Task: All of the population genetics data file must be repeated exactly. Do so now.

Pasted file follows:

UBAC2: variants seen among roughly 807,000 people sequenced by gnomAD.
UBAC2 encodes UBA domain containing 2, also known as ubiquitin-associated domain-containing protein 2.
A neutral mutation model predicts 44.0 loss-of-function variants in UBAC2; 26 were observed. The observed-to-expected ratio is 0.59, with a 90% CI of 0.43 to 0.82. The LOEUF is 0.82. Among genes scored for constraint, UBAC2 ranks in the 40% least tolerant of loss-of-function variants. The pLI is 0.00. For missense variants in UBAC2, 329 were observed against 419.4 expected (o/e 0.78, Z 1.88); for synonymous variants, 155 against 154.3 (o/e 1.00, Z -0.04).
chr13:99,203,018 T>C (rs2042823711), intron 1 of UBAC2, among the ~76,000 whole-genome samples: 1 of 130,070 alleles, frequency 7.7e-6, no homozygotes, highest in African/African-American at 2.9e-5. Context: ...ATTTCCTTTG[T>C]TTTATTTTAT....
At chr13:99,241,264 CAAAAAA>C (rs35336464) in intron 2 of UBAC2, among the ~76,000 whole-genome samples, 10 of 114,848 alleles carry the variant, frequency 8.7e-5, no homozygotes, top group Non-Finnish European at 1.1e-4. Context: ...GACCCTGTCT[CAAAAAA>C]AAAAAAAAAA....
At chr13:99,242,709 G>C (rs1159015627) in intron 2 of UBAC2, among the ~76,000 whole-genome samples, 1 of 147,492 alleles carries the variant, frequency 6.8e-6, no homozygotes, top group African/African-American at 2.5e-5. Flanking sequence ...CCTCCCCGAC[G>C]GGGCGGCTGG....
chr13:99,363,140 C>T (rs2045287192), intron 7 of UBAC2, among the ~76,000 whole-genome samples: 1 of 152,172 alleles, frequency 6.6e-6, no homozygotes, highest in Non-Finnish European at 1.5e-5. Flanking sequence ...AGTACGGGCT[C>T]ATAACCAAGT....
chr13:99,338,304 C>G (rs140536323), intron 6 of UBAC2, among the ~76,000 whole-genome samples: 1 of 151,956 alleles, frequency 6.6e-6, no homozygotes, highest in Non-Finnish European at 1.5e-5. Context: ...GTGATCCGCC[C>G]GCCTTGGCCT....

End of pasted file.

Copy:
UBAC2: variants seen among roughly 807,000 people sequenced by gnomAD.
UBAC2 encodes UBA domain containing 2, also known as ubiquitin-associated domain-containing protein 2.
A neutral mutation model predicts 44.0 loss-of-function variants in UBAC2; 26 were observed. The observed-to-expected ratio is 0.59, with a 90% CI of 0.43 to 0.82. The LOEUF is 0.82. Among genes scored for constraint, UBAC2 ranks in the 40% least tolerant of loss-of-function variants. The pLI is 0.00. For missense variants in UBAC2, 329 were observed against 419.4 expected (o/e 0.78, Z 1.88); for synonymous variants, 155 against 154.3 (o/e 1.00, Z -0.04).
chr13:99,203,018 T>C (rs2042823711), intron 1 of UBAC2, among the ~76,000 whole-genome samples: 1 of 130,070 alleles, frequency 7.7e-6, no homozygotes, highest in African/African-American at 2.9e-5. Context: ...ATTTCCTTTG[T>C]TTTATTTTAT....
At chr13:99,241,264 CAAAAAA>C (rs35336464) in intron 2 of UBAC2, among the ~76,000 whole-genome samples, 10 of 114,848 alleles carry the variant, frequency 8.7e-5, no homozygotes, top group Non-Finnish European at 1.1e-4. Context: ...GACCCTGTCT[CAAAAAA>C]AAAAAAAAAA....
At chr13:99,242,709 G>C (rs1159015627) in intron 2 of UBAC2, among the ~76,000 whole-genome samples, 1 of 147,492 alleles carries the variant, frequency 6.8e-6, no homozygotes, top group African/African-American at 2.5e-5. Flanking sequence ...CCTCCCCGAC[G>C]GGGCGGCTGG....
chr13:99,363,140 C>T (rs2045287192), intron 7 of UBAC2, among the ~76,000 whole-genome samples: 1 of 152,172 alleles, frequency 6.6e-6, no homozygotes, highest in Non-Finnish European at 1.5e-5. Flanking sequence ...AGTACGGGCT[C>T]ATAACCAAGT....
chr13:99,338,304 C>G (rs140536323), intron 6 of UBAC2, among the ~76,000 whole-genome samples: 1 of 151,956 alleles, frequency 6.6e-6, no homozygotes, highest in Non-Finnish European at 1.5e-5. Context: ...GTGATCCGCC[C>G]GCCTTGGCCT....